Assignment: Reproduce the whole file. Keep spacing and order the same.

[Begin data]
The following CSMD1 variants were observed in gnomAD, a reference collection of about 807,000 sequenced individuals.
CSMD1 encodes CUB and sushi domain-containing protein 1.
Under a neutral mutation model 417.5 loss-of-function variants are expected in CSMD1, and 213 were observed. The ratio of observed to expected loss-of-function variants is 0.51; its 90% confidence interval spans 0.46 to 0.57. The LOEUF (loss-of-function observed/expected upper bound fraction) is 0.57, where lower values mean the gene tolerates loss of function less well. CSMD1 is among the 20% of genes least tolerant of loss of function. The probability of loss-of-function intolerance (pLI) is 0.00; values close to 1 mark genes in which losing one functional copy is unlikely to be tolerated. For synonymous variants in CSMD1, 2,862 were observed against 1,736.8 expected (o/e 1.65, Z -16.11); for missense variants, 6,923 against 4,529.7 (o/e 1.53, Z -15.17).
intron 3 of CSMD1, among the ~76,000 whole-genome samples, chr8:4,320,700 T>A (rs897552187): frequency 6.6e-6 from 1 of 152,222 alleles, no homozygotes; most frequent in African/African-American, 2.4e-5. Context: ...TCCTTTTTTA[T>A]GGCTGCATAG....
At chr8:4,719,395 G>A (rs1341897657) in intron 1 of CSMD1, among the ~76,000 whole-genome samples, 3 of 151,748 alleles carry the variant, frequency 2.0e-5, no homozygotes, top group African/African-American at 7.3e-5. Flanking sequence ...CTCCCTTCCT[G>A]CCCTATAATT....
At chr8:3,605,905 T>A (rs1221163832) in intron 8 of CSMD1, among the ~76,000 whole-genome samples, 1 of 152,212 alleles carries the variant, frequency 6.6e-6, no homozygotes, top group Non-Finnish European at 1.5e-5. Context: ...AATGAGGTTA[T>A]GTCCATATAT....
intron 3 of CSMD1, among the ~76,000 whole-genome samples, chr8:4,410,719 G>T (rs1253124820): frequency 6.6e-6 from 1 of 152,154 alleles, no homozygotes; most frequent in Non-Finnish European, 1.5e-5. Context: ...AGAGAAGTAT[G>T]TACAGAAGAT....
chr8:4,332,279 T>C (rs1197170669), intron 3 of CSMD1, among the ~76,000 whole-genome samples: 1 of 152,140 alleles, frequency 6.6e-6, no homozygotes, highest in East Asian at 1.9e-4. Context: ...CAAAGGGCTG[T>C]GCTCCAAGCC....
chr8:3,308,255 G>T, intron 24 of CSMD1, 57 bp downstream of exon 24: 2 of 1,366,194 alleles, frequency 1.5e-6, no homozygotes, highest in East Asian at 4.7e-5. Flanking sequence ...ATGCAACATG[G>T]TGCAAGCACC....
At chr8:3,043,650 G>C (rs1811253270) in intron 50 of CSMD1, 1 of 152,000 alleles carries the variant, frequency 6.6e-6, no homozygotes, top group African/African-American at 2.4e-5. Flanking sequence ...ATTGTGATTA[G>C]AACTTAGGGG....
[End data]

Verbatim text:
The following CSMD1 variants were observed in gnomAD, a reference collection of about 807,000 sequenced individuals.
CSMD1 encodes CUB and sushi domain-containing protein 1.
Under a neutral mutation model 417.5 loss-of-function variants are expected in CSMD1, and 213 were observed. The ratio of observed to expected loss-of-function variants is 0.51; its 90% confidence interval spans 0.46 to 0.57. The LOEUF (loss-of-function observed/expected upper bound fraction) is 0.57, where lower values mean the gene tolerates loss of function less well. CSMD1 is among the 20% of genes least tolerant of loss of function. The probability of loss-of-function intolerance (pLI) is 0.00; values close to 1 mark genes in which losing one functional copy is unlikely to be tolerated. For synonymous variants in CSMD1, 2,862 were observed against 1,736.8 expected (o/e 1.65, Z -16.11); for missense variants, 6,923 against 4,529.7 (o/e 1.53, Z -15.17).
intron 3 of CSMD1, among the ~76,000 whole-genome samples, chr8:4,320,700 T>A (rs897552187): frequency 6.6e-6 from 1 of 152,222 alleles, no homozygotes; most frequent in African/African-American, 2.4e-5. Context: ...TCCTTTTTTA[T>A]GGCTGCATAG....
At chr8:4,719,395 G>A (rs1341897657) in intron 1 of CSMD1, among the ~76,000 whole-genome samples, 3 of 151,748 alleles carry the variant, frequency 2.0e-5, no homozygotes, top group African/African-American at 7.3e-5. Flanking sequence ...CTCCCTTCCT[G>A]CCCTATAATT....
At chr8:3,605,905 T>A (rs1221163832) in intron 8 of CSMD1, among the ~76,000 whole-genome samples, 1 of 152,212 alleles carries the variant, frequency 6.6e-6, no homozygotes, top group Non-Finnish European at 1.5e-5. Context: ...AATGAGGTTA[T>A]GTCCATATAT....
intron 3 of CSMD1, among the ~76,000 whole-genome samples, chr8:4,410,719 G>T (rs1253124820): frequency 6.6e-6 from 1 of 152,154 alleles, no homozygotes; most frequent in Non-Finnish European, 1.5e-5. Context: ...AGAGAAGTAT[G>T]TACAGAAGAT....
chr8:4,332,279 T>C (rs1197170669), intron 3 of CSMD1, among the ~76,000 whole-genome samples: 1 of 152,140 alleles, frequency 6.6e-6, no homozygotes, highest in East Asian at 1.9e-4. Context: ...CAAAGGGCTG[T>C]GCTCCAAGCC....
chr8:3,308,255 G>T, intron 24 of CSMD1, 57 bp downstream of exon 24: 2 of 1,366,194 alleles, frequency 1.5e-6, no homozygotes, highest in East Asian at 4.7e-5. Flanking sequence ...ATGCAACATG[G>T]TGCAAGCACC....
At chr8:3,043,650 G>C (rs1811253270) in intron 50 of CSMD1, 1 of 152,000 alleles carries the variant, frequency 6.6e-6, no homozygotes, top group African/African-American at 2.4e-5. Flanking sequence ...ATTGTGATTA[G>C]AACTTAGGGG....